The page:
| James Gary Harman|
Singer · jamesharman.com
| Black Top, various|
Black Top Records
| June 8, 1946 (age 69)
Anniston, Alabama, United States (1946-06-08) |
Harmonicist, singer, songwriter
Harmonica, vocals, piano, guitar, drums
Takin' Chances, Wanderlust, Cards On The Table, Bonetime
Grammy Award for Best Blues Album
Junior Watson, Mark Hummel, Kim Wilson, Charlie Musselwhite, Sugar Ray Norcia
James Harman Wikipedia
James Harman (born June 8, 1946, in Anniston, Alabama) is an American blues harmonica player, singer, and songwriter. The music journalist Tony Russell described Harman as an "amusing songwriter and an excellent, unfussy blues harp player".
James Gary Harman began taking piano lessons at the age of four. He also sang in his local church choir. Harmonicas owned by his father were stored in the piano bench, and James tried playing them after his piano lessons ended. In time, he learned to play several other musical instruments, including the guitar, electronic organ, and drums.
In 1962 he relocated to Panama City, Florida, where he played in many rhythm and blues bands, of which the Icehouse Blues Band was the last. Earl Caldwell, the manager of the Swinging Medallions, signed Harman to a recording contract. In 1964 in Atlanta, Georgia, Harman recorded the first of nine early singles, which were variously released on five different record labels.
Harman performed as a blues harmonica player and singer in Chicago, New York, and elsewhere before moving to southern California in the 1970s. There, his Icehouse Blues Band played alongside Big Joe Turner, John Lee Hooker, Freddie King, Muddy Waters, Albert King, B. B. King, T-Bone Walker, Lowell Fulsom, Eddie "Cleanhead" Vinson, Johnny "Guitar" Watson, and Albert Collins. In 1977 he formed the James Harman Band. Over the years the band's lineup has included Phil Alvin and Bill Bateman, who left in 1978 to form the Blasters; Gene Taylor, who departed in 1981, also to join the Blasters before moving on to the Fabulous Thunderbirds; and Kid Ramos. Among other members of the band was Hollywood Fats, who left his own band in 1980 to play alongside Harman for five years.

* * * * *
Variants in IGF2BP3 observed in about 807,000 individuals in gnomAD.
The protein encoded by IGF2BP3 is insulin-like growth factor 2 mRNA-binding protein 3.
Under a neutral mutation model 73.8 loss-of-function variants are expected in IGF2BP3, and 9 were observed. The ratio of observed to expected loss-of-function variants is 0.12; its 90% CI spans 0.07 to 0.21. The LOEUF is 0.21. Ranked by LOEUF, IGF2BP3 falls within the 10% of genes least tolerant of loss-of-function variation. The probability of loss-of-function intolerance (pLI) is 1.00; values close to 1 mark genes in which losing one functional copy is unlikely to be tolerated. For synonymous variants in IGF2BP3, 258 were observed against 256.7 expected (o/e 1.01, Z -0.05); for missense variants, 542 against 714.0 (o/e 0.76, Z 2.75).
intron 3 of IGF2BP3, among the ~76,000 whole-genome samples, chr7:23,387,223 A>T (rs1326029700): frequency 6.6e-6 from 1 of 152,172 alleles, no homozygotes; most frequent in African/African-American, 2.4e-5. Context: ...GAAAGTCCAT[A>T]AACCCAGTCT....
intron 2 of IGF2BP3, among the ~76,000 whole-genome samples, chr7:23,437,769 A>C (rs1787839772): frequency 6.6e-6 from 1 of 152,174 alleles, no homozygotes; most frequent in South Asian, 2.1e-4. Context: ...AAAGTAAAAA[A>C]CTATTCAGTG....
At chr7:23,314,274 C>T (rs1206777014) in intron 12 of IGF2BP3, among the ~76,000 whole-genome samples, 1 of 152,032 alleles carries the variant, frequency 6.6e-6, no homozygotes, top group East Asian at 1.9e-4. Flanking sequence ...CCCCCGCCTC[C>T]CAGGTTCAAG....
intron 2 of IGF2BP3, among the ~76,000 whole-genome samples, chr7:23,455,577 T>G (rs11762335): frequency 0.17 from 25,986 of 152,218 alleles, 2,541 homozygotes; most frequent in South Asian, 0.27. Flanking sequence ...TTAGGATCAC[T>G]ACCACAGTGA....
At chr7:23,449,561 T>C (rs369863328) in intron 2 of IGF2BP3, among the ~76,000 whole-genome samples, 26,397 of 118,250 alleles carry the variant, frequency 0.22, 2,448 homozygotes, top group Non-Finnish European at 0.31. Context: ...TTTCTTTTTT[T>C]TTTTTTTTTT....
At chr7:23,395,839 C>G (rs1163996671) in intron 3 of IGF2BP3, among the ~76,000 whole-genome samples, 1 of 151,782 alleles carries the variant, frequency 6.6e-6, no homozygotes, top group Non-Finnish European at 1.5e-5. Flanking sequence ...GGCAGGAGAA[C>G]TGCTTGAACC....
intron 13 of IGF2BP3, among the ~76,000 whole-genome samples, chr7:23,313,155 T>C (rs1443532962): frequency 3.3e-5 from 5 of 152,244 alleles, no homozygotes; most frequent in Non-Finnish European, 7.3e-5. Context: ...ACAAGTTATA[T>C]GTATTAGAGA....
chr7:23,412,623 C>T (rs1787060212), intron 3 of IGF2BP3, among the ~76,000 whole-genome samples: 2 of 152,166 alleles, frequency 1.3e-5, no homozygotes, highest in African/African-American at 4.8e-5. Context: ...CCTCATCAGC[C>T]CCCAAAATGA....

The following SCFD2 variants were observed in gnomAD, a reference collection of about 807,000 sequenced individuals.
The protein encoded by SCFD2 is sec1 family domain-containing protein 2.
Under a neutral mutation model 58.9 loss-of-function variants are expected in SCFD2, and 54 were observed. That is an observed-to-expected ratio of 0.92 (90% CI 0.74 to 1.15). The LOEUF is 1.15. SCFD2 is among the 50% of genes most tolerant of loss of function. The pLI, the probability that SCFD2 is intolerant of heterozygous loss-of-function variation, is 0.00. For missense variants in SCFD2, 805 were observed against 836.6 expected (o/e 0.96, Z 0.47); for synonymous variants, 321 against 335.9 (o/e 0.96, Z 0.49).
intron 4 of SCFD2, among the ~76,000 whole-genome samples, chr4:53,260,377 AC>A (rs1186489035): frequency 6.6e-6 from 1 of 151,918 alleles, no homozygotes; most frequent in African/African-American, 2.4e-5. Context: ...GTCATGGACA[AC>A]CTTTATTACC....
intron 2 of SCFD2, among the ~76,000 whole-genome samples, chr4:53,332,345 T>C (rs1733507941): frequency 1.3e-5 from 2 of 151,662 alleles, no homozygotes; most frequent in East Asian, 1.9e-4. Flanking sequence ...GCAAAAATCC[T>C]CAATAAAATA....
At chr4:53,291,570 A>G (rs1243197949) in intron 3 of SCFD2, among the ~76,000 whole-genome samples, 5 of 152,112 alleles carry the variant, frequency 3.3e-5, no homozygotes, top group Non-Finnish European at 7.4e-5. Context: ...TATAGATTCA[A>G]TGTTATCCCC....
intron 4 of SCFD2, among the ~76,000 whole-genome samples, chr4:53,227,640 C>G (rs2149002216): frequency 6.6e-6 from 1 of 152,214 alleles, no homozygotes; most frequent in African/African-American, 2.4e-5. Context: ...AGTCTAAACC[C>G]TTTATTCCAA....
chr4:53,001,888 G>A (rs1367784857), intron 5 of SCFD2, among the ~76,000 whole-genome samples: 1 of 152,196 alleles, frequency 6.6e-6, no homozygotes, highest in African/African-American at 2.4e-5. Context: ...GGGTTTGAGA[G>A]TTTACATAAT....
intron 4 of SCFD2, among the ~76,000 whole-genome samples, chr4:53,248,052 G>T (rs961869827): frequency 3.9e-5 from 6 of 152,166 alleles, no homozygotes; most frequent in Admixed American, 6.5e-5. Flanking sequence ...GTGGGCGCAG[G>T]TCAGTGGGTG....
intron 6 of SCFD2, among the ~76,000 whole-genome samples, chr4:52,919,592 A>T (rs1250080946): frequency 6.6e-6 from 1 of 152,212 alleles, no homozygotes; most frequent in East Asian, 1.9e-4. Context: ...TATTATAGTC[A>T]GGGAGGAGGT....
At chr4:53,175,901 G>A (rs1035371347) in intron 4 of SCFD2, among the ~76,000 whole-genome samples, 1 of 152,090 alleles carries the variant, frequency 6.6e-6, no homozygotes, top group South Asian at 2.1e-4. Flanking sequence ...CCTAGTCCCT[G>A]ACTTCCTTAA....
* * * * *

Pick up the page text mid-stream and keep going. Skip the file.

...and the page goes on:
Harman became known as a skilled, reliable musician, whether for a backing band or leading his own ensemble. His band recorded several albums during the 1980s, before settling in 1990 at Black Top Records.
Numerous songs by Harman have been used in films and on television, including "Kiss of Fire" (from the album Those Dangerous Gentlemen), which was used for the soundtrack of The Accused. Harman has received several W. C. Handy Blues Award nominations, for songs on his own releases and on other artists' albums. He was inducted into the Alabama Music Hall of Fame and received an award for Best Blues Album of the Year from Real Blues magazine.
In 1995 Harman recorded "Everybody's Rockin' (At the Zoo Bar)", a song about the Zoo Bar, a club in Lincoln, Nebraska, for the album Black & White.
Harman has performed at the Long Beach Blues Festival and in concerts staged around the world.
In 2003 Harman contributed to the ZZ Top album Mescalero, on the song "Que Lastima" and, in 2012, on La Futura, on the song "Heartache In Blue".
Bonetime, his first studio album in over 12 years, was released in 2015.Thank You Baby (1983), Enigma Records
Those Dangerous Gentlemen (1987), Rhino
Extra Napkins (Strictly the Blues) (1988), Rivera Records, reissued 1997, Cannonball Records
Strictly Live...In '85! (Vol. 1) (1990), Rivera, reissued as Strictly Live In '85... Plus! (Vol. 1) (2005), Gulf Coast/Pacific Blues
Do Not Disturb (1991), Black Top
Two Sides to Every Story (1993), Black Top
Cards on the Table (1994), Black Top
Black & White (1995), Black Top
Icepick's Story (1996), compilation of Black Top recordings, Continental Record Services (CRS); reissued 1999, Me & My Blues Records
Takin' Chances (1998), Cannonball
Mo' Na' Kins, Please! (Strictly the Blues, Vol. 2)(1999), Cannonball
Lonesome Moon Trance (2003), Gulf Coast/Pacific Blues
James Harman's Bamboo Porch: Live at Little Village, Volume One (2012), Gulf Coast
Bonetime (2015), Electro-Fi